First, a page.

An old-fashioned diner sign towers barely above the streetlights at the intersection of Silver Lake Boulevard and North Dillon Street. The sounds of skateboarders echo through the air next to Mom’s Donuts and Chinese Food to Go, distinctly shaped with triangular edges, painted with bright blue and pink hues of donuts, cats, and chickens. 

The donut shop has been managed by husband and wife Henry Trang and Heidy Diep for the past 30 years. They are among the numerous immigrants from Southeast Asia who have shaped Southern California into a quintessential donut destination. Things rapidly changed in December last year and the shop closed, with just a small sign on the door –Trang underwent an emergency triple bypass heart surgery after experiencing a heart attack. His stay in the ICU meant that the donut shop had to shut down its daily operations temporarily. 

Fans of the mom-and-pop shop quickly rallied together in support. Alexis Cabrera, a regular at the shop, organized a GoFundMe fundraiser to help offset the couple’s rental expenses. Cabrera had first tasted an apple fritter in November 2021 after moving to Silverlake from Humboldt, California. 

“It’s so much more than junk food. You can taste that Henry and Heidi really love you…it’s like a mom making sure that you’re getting fed,” Cabrera recalled in an interview. She grew close with Trang and Diep over the past few years, becoming a repeat customer. 

Mom’s Donuts has a minimal social media presence: other than a Facebook page and a page on Yelp, there are few options to search and find the shop online (except for a prominent feature in local indie rock band Starcrawler’s “I Love LA” music video in 2017) and no way to deliver through apps like UberEats. The shop accepts credit cards, but no digital payments like Apple Pay.

However, the donut shop’s strong nostalgic presence is clearly reflected in how quickly the GoFundMe blew up. Altogether, the page received more than $14,000 in donations. 

“I’ve been enjoying their donuts+Chinese food ever since 2009! I was basically raised on that food. They are very kind people who don’t deserve this pain and stress,” one donor, Clarissa Salem, posted on the page. Another called Mom’s Donuts “a Silverlake institution.” 

Sitting in the shop after ordering half a dozen donut holes, Laurence Geronilla recalled visiting Mom’s Donuts on Sundays for chess club. He said that Trang and Diep created a welcoming atmosphere, where he could play his music and “kick it outside with friends.” Diep would occasionally join in when he picked a Vietnamese song and sang along. Growing up in this neighborhood and now working across the street at the auto shop, Geronilla pointed out how many places nearby had closed during the pandemic. A smaller Target opened up next door on North Dillon Street in early 2023. 

“This is the spot where it’s like everything’s changing,” Geronilla said, hinting at Silverlake’s ongoing gentrification. “I’m gonna fight for this place and always give them money when I can.”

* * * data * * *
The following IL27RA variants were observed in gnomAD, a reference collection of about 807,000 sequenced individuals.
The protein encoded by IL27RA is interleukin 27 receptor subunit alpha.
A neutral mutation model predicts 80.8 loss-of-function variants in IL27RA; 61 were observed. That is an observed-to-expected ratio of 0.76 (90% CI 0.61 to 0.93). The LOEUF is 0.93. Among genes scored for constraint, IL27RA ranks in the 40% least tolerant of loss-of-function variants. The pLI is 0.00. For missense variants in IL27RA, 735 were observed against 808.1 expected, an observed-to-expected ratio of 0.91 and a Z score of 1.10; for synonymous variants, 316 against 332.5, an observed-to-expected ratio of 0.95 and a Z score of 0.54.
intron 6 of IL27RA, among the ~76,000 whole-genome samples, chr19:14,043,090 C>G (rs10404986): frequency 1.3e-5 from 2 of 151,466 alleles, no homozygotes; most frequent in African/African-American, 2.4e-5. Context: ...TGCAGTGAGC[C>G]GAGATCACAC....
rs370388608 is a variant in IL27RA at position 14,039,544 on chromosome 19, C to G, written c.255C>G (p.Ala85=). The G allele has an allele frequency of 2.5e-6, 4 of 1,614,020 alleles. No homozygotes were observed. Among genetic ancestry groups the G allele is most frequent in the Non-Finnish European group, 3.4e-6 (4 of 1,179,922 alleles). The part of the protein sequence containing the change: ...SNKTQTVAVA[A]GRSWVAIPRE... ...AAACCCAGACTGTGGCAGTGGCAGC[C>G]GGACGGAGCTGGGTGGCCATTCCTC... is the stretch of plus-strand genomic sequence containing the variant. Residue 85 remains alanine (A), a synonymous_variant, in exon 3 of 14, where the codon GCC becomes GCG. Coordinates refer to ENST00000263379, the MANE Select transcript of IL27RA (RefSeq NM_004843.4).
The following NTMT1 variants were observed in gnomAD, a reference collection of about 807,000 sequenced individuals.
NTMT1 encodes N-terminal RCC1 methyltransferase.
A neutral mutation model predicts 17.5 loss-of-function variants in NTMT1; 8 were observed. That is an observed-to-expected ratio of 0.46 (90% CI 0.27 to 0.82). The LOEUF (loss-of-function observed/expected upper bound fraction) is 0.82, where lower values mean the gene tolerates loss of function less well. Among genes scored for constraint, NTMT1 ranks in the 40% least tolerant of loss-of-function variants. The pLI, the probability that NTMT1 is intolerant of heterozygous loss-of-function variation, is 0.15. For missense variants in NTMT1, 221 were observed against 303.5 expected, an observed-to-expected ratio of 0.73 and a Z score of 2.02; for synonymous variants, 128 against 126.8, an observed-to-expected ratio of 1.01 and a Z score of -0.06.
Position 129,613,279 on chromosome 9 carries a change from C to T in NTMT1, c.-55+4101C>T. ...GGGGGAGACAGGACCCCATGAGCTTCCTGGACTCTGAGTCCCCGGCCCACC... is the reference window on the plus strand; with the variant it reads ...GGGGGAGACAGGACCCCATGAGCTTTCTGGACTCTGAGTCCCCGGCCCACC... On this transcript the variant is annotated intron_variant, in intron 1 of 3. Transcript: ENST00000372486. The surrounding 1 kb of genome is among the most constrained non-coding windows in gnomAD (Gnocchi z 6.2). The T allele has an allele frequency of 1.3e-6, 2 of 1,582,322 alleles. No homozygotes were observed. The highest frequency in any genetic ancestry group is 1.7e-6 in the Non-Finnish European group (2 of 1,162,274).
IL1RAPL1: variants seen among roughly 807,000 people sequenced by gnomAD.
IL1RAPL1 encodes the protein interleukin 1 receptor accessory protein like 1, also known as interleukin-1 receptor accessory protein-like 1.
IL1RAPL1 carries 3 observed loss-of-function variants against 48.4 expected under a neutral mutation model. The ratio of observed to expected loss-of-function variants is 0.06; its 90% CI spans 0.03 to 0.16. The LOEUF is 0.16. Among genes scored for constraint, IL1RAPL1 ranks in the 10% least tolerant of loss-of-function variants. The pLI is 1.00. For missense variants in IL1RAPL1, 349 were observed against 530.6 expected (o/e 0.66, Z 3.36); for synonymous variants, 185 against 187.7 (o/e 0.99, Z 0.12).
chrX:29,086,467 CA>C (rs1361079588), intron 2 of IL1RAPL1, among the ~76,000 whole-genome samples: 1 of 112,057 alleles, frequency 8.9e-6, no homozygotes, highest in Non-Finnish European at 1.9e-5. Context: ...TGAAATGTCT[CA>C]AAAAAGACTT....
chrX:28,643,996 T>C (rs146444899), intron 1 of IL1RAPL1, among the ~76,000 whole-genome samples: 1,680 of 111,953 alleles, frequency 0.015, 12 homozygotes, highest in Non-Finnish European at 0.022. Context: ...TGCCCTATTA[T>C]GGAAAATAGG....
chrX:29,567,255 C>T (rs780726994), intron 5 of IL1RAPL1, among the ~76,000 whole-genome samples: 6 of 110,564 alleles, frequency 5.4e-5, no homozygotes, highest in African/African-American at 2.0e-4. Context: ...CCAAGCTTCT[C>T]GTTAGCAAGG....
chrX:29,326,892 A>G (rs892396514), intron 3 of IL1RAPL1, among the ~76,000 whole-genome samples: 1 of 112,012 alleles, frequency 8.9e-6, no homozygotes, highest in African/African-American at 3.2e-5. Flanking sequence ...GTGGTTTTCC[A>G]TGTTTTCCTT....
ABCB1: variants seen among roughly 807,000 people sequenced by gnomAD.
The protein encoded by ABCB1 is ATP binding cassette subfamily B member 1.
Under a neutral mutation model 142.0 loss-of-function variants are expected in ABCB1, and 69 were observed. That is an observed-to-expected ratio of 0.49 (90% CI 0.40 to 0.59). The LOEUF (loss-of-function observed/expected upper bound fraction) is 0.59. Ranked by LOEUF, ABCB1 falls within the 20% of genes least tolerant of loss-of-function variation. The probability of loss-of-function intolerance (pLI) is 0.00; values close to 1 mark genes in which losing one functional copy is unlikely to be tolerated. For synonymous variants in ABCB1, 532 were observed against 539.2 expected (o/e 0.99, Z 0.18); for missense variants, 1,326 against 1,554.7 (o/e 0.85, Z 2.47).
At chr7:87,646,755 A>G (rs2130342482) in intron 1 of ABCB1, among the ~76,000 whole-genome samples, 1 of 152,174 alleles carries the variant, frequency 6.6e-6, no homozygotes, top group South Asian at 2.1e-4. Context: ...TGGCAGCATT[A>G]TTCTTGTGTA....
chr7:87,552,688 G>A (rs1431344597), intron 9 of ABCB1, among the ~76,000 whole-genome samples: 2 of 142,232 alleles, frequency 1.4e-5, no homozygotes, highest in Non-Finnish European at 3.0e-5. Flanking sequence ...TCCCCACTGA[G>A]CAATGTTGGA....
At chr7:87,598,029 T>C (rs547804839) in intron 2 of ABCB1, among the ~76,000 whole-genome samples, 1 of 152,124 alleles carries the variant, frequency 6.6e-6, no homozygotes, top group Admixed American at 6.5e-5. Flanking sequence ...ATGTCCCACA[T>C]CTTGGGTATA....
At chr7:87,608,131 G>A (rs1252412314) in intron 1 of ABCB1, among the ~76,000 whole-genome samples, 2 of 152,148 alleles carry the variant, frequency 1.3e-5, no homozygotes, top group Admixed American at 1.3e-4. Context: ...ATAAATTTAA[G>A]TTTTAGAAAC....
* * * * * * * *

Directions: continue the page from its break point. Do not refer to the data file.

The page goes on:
Although she is uncertain of when they will retire, Diep said that it was important to return to the shop after Trang’s surgery to serve the customers in the community. Waking up to start preparing the donuts at 3 AM six days of the week, the Vietnamese first-generation immigrants are deeply invested in each interaction.

“No matter what, I tell Henry, I know that you don’t have more energy but I try to do as much as I can. I want to be back to see our customers. Even if something happened, I still have time to say goodbye to them,” she said. For every person who walked through the door, Diep spent a few minutes asking questions about their family’s well-being, before returning to sweep the floors in the kitchen. After closure, she drives her husband to the hospitals for follow-up appointments. 

During Trang’s recovery, Vincent Villella, another regular, volunteered in the mornings to help bake and keep the shop running, often lifting heavy boxes of ingredients. 

“[Henry’s] obviously a master at what he’s doing. So honestly, I was a little intimidated,” Villella said. Trang was a patient teacher instructing him with his special recipes. “Henry does put his own special touch into it. And I think that’s what makes it stand apart.” 

While there is plenty of good food in Los Angeles, Mom’s Donuts is a “symbol of older LA,” he added. It was the “genuine” nature of Trang and Diep that kept him coming back even after moving to Downtown LA. When asked about what he hopes for the Silverlake staple’s future, Villella reflected on how although the shop may have missed the digital age, Mom’s Donuts does not need to become the most popular donut shop in the city in order to keep up their success for the community around them. 

“I don’t think they need to be crazy popular or really change anything at this point,” Villella said. “They just need word of mouth to get out.” 

Helen Li is a freelance journalist based in Los Angeles.

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